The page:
Harry and Ruth Woodward Raymond, John and Bev Woodward

Harry and Ruth Woodward resided in the original Woodward Family Home and worked the Woodward farm property. Their children are shown on the steps of the Ash farm house, which was located on New McLellan Road (Hwy. #10) across from the original Woodward farm. Ray on the left, John in the centre, and Beverly on the right.


Over the years all the Woodward and Weaver children had always gone to Mud Bay School, but when it closed in 1921 the children had the long walk over to Elgin School. As a result in 1924, Harry Woodward and a neighbour, Mr. Twist, donated an acre each to the Surrey School District. Woodward Hill School was built on those two acres at McLellan Road and Goldstone Road (Highway #10 and 146th Street).


Woodward's Hill School

Woodward's Hill School operated from 1924 to 1951 when it was closed and the students were accommodated at the new Sullivan Elementary that had been built after the destruction by fire of the Johnston Road School. The original Woodward School building was moved to 6945 134th Street and used as Unwin Hall at Unwin Park in Newton and was used as a facility for different occasions. The building was torn down in approximately 2002.


Woodward's Hill School Class of 1926


Harry Woodward died in 1932 from pneumonia that was caused by his inhaling wheat husk dust into his lungs and the infection killed him. His wife, Ruth, could not manage the farm with three young children. This was the beginning of the Great Depression, land prices were depressed and a mortgage was being called in by the mortgage holder. Ruth was unable to pay. The estate was forced into bankruptcy and Westminster Trust took over the land and sold it off later. Louie Sangters had sold Harry $20,000 in life insurance. There was a $10,000 mortagage on the farm. Ruth chose to give up the farm. Ruth's youngest son, Raymond Woodward, was only two at the time. Ruth took her three children John, Bev and Raymond to White Rock after leaving the farm. They all lived there in a rental home from approximately 1933 to 1935. Ruth then met John Lihou, and remarried. She became pregnant with her fourth child but died in child birth Feb. 13th, 1937, six months before her 30th birthday. As the Great Depression was on John Lihou could not afford to look after four children. After about a year he was forced to give up the older children. The baby, Ruth Lihou, had survived at birth and was raised by her father and his new wife. The two oldest Woodward children, John and Beverly, went into foster homes in New Westminster until 1942. Eventually John and Bev were taken in by their grandparents, the Ash Family, whose farm was on Highway #10 almost across from the original Woodward Farm House and property. John and Bervery attended Lord Tweedsmuir High School.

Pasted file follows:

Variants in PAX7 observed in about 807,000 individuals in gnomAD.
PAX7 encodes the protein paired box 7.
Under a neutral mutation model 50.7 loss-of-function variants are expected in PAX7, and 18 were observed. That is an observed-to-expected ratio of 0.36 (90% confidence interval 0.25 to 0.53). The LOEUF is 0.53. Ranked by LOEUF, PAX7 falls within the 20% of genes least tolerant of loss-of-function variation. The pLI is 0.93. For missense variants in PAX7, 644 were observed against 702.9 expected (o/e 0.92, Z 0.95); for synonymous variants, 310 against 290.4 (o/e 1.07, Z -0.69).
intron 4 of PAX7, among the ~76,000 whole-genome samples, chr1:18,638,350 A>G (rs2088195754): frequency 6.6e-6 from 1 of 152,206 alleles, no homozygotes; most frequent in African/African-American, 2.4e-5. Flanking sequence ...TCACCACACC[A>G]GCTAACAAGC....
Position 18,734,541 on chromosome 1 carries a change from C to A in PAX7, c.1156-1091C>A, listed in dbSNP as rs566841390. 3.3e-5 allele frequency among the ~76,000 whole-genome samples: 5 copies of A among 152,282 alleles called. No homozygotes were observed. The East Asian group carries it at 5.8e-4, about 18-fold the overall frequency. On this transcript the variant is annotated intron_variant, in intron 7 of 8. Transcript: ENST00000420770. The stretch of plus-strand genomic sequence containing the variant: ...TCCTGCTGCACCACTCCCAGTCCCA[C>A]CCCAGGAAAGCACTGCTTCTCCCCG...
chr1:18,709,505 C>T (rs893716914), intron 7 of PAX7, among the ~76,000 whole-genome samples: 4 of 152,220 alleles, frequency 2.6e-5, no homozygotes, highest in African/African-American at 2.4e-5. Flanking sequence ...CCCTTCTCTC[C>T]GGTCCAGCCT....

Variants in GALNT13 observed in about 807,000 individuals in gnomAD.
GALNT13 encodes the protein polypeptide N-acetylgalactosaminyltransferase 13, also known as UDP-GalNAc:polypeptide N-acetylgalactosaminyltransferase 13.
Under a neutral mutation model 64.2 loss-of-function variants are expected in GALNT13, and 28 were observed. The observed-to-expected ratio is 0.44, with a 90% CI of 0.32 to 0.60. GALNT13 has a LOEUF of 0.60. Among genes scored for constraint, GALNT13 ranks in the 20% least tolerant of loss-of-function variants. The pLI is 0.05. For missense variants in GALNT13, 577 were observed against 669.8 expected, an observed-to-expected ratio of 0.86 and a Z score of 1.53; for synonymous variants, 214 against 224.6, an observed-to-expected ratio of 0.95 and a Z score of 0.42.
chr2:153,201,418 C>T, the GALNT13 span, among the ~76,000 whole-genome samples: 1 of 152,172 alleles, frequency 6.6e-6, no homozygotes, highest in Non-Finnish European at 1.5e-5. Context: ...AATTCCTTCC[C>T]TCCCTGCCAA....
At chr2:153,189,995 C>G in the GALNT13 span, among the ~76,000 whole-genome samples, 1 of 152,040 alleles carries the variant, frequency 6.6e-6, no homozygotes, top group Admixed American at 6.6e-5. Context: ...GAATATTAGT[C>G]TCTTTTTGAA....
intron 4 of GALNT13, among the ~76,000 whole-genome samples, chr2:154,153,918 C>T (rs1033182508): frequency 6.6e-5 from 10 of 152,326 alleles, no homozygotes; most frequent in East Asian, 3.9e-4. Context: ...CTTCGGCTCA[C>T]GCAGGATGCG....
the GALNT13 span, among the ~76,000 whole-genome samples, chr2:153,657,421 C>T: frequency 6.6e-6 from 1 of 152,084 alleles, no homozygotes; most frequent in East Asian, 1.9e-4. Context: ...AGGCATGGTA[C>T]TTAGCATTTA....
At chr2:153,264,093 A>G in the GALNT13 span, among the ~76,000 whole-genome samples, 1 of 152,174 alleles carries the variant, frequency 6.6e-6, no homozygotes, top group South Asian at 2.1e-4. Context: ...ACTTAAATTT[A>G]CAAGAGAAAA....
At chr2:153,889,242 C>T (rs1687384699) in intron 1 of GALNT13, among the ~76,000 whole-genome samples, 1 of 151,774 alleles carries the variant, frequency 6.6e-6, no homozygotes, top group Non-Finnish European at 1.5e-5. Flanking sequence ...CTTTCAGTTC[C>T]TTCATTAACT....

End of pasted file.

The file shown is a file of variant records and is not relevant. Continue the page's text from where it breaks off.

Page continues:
Cecil and Gertrude Collishaw

Harry Woodward's sister Gertrude had married William Cecil Collishaw of White Rock. Ruth Woodward's youngest son, Raymond, was taken in by his aunt and uncle and raised in White Rock. Ray attended White Rock Elementary and Semiahmoo High School. Cecil and Gertrude had a family of their own; a son, Len, and two daughters, Edythe and Doreen.


Ray Woodward went into the automotive garage business, operating one on Marine Drive in White Rock, in partnership with Byrl Darling, before moving to the corner of 16th Avenue and 152nd Street (North Bluff and Johnston Road) and operating Coast Motors, a Shell Service Station and car wash. Today that is the site of the Royal Place Mall and Ray remains the owner. Ray married Jacqueline (Jackie) Carol Smith and had four children. William Thomas(Tom) whose extensive research is the basis of this history, Robert Steven(Steve), Cynthia(Cindy) Louise McGarva, and Kenneth James(Jim).


Ray and Jackie Woodward
  • This is Ray and Jackie Woodward's wedding, June, 30th 1952.
  • Adults are shown L to R.
  • Ken Rumble, Gloria (Harris) Magley, John Woodward, Jacqueline (Smith) Woodward, Bonnie (Smith) Melko, Len Collishaw.
  • Girls L to R: Linda (Woodward) Stanton, Valerie (Arell) Galey.

John and Louise Woodward

John Woodward married B. Louise Wade and resided in New Westminster. John went into the Real Estate business with J.K. Cooper Real Estate. John and Louise had one daughter Linda (Woodward) Stanton and a son Eric John(Jack). This is John and Louise's wedding picture. On the left is Beverly Woodward and on the right is Norman Wade. In 1952 John bought two acres of land his great grandfather had settled on and built his family home at 14615 56th Avenue (New McLellan Road), now Highway #10. This property had been the two acres that Mr. Twist and John's father (Harry) had donated, in 1924, to Surrey School District for Woodward's Hill School. When the school closed in 1951 John bought both acres. He built his family home on Mr. Twist's acre and still holds the one acre that the actual school was built on. This is the last acre left from the original preemption of his great grandfather William Woodward in 1873. John now resides on Salt Spring Island and his brother Ray owns a summer house right next door.


Beverly Woodward married Waverly Spetch on April 7th, 1951. The couple lived in Burnaby and Waverly was an electrican contractor with his own company. They had three children; a son, Alan, and two girls, Marcia and Cathy.


Extended Woodward Family
  • This is a picture of the extended Woodward Family taken June 27, 1954 at Peace Arch Park to celebrate the 75th birthday of Lilian Ash.
  • Back Row: Ruth (Lihou) Sather,(half sister to John, Bev, & Ray) Ray Woodward, John Woodward, Wave Spetch, Carl Stenvold.
  • Middle Row: Jackie Woodward, Louise (Wade) Woodward, Lilian Ash, Bev (Woodward) Spetch, Dorothy (Ash) Stenvold.
  • Children on laps: Tom Woodward, Alan Spetch, Roger Stenvold
  • Front Row: Linda & Jack Woodward, Sandra Stenvold